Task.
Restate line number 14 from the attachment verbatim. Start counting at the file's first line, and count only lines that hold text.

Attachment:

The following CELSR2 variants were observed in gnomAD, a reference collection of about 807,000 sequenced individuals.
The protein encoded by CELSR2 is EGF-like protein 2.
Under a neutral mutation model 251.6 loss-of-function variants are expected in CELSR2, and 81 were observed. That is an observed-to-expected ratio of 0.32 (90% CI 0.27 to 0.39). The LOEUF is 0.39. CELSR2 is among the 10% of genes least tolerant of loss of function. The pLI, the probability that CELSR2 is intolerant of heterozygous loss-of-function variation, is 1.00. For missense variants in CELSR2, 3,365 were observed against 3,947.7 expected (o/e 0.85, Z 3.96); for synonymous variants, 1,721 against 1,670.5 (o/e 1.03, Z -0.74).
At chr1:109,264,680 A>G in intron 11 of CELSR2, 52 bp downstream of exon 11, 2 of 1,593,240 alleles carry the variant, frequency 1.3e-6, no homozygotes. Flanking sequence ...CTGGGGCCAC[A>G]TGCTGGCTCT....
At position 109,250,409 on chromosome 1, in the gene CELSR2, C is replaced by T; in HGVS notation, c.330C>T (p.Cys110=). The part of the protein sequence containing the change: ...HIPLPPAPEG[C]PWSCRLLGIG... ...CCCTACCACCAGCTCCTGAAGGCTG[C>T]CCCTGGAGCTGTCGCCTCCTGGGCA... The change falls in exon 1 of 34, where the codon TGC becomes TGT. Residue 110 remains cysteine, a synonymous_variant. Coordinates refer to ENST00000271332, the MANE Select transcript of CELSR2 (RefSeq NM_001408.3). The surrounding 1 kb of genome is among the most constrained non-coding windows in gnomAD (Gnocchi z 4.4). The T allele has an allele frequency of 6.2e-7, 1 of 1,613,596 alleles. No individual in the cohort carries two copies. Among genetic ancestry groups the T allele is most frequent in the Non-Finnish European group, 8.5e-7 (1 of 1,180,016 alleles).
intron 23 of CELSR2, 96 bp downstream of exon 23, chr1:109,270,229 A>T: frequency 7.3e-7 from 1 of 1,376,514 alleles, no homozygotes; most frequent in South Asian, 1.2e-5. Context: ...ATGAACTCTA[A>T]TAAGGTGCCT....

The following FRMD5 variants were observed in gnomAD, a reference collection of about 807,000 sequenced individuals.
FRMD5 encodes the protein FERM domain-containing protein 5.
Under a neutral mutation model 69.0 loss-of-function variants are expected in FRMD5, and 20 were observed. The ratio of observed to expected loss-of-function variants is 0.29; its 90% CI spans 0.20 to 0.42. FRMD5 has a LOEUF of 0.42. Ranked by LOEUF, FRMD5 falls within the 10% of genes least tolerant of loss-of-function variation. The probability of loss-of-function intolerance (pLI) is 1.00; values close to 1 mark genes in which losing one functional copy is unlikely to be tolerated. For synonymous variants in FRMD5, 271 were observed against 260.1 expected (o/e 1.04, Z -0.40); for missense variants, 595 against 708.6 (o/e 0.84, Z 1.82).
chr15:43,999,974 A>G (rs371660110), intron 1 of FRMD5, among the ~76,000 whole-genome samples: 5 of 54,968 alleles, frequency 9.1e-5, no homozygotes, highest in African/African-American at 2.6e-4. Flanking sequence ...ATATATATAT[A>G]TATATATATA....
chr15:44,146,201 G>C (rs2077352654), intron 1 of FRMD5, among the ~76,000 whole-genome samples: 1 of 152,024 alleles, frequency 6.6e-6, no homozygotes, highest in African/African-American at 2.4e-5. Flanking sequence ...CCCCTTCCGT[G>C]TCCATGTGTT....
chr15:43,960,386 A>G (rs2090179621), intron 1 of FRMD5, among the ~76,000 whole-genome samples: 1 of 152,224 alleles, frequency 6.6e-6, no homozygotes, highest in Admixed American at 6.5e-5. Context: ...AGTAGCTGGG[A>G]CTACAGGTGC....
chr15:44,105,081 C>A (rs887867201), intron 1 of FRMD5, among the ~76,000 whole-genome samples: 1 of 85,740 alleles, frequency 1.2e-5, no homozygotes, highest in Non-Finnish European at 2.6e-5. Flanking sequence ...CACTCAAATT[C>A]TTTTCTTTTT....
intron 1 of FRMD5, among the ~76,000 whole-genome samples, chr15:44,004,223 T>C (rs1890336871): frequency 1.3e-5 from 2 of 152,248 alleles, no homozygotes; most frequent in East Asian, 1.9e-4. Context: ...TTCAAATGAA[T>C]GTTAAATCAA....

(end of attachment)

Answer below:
intron 1 of FRMD5, among the ~76,000 whole-genome samples, chr15:44,004,223 T>C (rs1890336871): frequency 1.3e-5 from 2 of 152,248 alleles, no homozygotes; most frequent in East Asian, 1.9e-4. Context: ...TTCAAATGAA[T>C]GTTAAATCAA....